1Frame4Nature | Matthew Cicanese

What YOU Can Do: 

Appreciate the Earth’s little details by stopping and look closer! Carry a small magnifying glass with you and you’ll surely find that there’s beauty around the planet in all shapes and sizes!

–1Frame4Nature is a collection of images and stories from around the globe of your personal connection to nature. However small, when combined with the actions of others, your individual actions can impact real and tangible outcomes for the preservation of our planet. Submit your story now!

IMG_2621A Carolina anole (Anolis carolinensis) shows its jagged teeth and changes its skin tone from a calm green to a warning brown when threatened. This native species from Florida has had to adapt to live away from the ground-dwelling invasive rival species (Anolis sagrei), by living high in tree canopies to remain safe from being eaten.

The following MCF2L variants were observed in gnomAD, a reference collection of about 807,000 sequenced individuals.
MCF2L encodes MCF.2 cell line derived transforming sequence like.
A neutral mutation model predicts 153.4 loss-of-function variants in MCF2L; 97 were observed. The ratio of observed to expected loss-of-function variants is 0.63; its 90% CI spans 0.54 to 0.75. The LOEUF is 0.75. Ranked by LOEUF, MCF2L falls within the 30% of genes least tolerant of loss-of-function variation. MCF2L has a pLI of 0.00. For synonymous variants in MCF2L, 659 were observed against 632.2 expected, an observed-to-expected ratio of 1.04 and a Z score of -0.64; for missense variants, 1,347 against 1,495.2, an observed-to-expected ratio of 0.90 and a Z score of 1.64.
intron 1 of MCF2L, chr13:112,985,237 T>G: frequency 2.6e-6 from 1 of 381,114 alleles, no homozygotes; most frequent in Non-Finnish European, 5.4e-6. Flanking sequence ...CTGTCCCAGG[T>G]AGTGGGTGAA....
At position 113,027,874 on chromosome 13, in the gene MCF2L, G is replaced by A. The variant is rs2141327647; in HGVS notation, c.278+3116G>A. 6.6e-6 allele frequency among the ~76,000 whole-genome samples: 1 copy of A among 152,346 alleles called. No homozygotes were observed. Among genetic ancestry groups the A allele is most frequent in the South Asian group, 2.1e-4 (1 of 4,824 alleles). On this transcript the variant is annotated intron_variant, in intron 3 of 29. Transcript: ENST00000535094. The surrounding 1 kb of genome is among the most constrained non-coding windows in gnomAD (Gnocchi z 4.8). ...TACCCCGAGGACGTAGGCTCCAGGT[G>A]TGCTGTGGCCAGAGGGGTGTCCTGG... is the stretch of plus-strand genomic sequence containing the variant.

iLCP Emerging League Photographer Matthew Cicanese‘s 1Frame4Nature: Illuminating Earth’s Underdogs

I started out like most kids when I was young — with a thirst for adventure and an overflow of curiosity! Growing up with a woodland surrounding my house meant that on most days whenever I wasn’t playing video games I was exploring the great unknown of my Florida backyard. Catching bugs, green anoles (picture above), and snakes with my brother and sister was a way for us to learn about our world out in our own backyard. Being a deaf-blind (right ear/left eye) meningitis survivor has always presented challenges for me, but when I got my first camera at age 14, it opened an entirely new way for me to see and document the world, that paired perfectly with my strong interests in science and the environment.